AH&LA Names 'Green Guidelines Challenge' Winners

From a group of more than 400 entrants, the American Hotel & Lodging Association (AH&LA) has named the Hilton Americas-Houston in Houston, Texas, the winner of its Green Guidelines Challenge, it announced last week.

AH&LA announced its Green Guidelines Challenge on Earth Day, when it urged hoteliers across the country to adopt its "11 Minimum Green Guidelines," then measure and improve their green business operations using an online tool to track their occupancy statistics, monetary and energy expenditures, and return on investment from specific green practices.

As the challenge winner, the Hilton Americas-Houston—the first Green Seal hotel in the state of Texas—received a certificate of achievement and a green prize package from HD Supply and Audubon International. Certificates of achievement also were awarded to four runners-up, including the Westin Riverfront Resort & Spa in Avon, Colo.; the Doubletree Hotel Burlington in South Burlington, Vt.; the Embassy Suites Chevy Chase Pavilion in Washington, D.C.; and the Westin Seattle in Seattle.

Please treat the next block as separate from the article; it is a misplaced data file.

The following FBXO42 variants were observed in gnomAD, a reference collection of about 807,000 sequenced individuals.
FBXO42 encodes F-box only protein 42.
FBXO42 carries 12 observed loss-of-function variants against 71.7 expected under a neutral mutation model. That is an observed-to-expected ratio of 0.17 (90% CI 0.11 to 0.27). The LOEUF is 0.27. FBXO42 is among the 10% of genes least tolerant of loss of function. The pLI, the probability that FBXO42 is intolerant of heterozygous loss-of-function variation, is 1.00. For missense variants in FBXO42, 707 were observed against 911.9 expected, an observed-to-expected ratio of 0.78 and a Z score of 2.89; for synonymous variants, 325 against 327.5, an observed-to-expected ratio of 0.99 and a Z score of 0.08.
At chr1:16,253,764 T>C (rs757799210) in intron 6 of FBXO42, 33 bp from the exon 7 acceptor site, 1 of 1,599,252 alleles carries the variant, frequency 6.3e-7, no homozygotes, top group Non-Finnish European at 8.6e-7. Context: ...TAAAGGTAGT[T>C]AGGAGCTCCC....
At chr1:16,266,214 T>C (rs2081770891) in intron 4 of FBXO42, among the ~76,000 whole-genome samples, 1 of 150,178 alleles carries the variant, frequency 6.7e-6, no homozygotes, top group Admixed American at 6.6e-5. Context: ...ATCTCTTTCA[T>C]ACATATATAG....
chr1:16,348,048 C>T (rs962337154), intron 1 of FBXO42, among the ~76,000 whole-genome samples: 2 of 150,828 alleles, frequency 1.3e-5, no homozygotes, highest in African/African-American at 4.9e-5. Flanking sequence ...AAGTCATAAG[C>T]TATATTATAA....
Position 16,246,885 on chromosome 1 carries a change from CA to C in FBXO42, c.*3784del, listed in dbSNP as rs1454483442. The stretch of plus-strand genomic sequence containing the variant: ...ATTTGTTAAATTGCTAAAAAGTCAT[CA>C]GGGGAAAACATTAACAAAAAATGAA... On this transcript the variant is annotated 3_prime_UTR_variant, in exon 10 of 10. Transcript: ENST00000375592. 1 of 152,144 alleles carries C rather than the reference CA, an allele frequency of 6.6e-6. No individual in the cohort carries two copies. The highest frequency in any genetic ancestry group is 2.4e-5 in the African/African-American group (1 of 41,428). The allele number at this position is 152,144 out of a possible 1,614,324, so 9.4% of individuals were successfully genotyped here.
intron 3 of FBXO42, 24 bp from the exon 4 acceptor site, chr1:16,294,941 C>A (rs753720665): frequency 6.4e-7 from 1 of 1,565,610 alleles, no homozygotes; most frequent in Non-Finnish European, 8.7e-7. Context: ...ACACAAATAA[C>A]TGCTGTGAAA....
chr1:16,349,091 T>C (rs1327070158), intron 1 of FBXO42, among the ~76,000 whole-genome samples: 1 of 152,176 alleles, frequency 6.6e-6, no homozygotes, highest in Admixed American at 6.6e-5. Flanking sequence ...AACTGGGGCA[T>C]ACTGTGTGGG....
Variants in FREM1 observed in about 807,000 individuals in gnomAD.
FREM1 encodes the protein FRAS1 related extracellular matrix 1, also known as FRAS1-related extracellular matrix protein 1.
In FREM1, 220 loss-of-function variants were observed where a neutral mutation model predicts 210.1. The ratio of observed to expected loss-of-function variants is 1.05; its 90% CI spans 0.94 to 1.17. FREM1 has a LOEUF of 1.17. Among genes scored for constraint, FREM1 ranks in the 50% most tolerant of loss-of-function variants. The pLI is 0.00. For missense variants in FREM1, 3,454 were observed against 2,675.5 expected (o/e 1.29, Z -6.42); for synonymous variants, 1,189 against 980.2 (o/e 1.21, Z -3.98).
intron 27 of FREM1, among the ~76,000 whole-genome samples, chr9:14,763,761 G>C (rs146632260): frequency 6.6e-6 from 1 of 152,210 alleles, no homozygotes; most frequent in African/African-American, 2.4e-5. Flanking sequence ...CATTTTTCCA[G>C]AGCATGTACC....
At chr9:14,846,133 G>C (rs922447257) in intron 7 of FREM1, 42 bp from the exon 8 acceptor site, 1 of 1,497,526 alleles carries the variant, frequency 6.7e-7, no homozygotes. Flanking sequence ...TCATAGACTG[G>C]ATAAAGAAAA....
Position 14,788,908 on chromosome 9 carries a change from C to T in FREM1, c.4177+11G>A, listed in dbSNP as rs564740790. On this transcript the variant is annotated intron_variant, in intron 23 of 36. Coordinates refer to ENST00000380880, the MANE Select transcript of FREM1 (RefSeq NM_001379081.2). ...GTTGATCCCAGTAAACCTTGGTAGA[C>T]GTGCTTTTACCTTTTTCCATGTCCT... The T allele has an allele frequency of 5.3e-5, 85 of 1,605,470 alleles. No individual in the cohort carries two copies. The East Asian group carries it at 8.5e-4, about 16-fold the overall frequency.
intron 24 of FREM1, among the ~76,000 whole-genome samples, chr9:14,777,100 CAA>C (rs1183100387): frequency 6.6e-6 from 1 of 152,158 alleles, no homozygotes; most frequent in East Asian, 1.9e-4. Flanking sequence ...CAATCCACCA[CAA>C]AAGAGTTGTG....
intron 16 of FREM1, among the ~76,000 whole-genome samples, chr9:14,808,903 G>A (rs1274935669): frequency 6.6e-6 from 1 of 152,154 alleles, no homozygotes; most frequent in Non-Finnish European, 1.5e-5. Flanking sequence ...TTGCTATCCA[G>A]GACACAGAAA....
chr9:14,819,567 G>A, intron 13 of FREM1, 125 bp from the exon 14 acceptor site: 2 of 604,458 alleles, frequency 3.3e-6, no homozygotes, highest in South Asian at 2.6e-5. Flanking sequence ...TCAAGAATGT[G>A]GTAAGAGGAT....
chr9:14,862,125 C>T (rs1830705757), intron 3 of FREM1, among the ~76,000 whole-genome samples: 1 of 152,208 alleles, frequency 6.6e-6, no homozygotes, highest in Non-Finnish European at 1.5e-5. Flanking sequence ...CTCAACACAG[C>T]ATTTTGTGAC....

"The industry's positive response to the AH&LA Green Guidelines, launched a year ago, has been just tremendous," said AH&LA Chairman Joe Martin, owner of Stillwater Hospitality in Stillwater, Okla. "With so many worthy participants, we had a lot of factors to consider, but these properties stood out for their innovation, impressive results and maverick approach."

Among all Green Guidelines Challenge participants:

• 90 percent replaced incandescent lamps with compact fluorescent lamps wherever possible.
• 87 percent implemented a towel and/or linen reuse program.
• 84.5 percent are regularly monitoring their electric, gas, water and waste usage.
• 83.5 percent implemented a recycling program.
• 75.5 percent have formed an environmental committee.
• 75.5 percent installed 2.5-gallons-per-minute or less showerheads in all guest room baths.

Collectively, challenge participants have reduced annual CO2 emissions by 39,200 metric tons—the equivalent of taking 7,000 cars off the road for one year—and saved $5.6 million per year.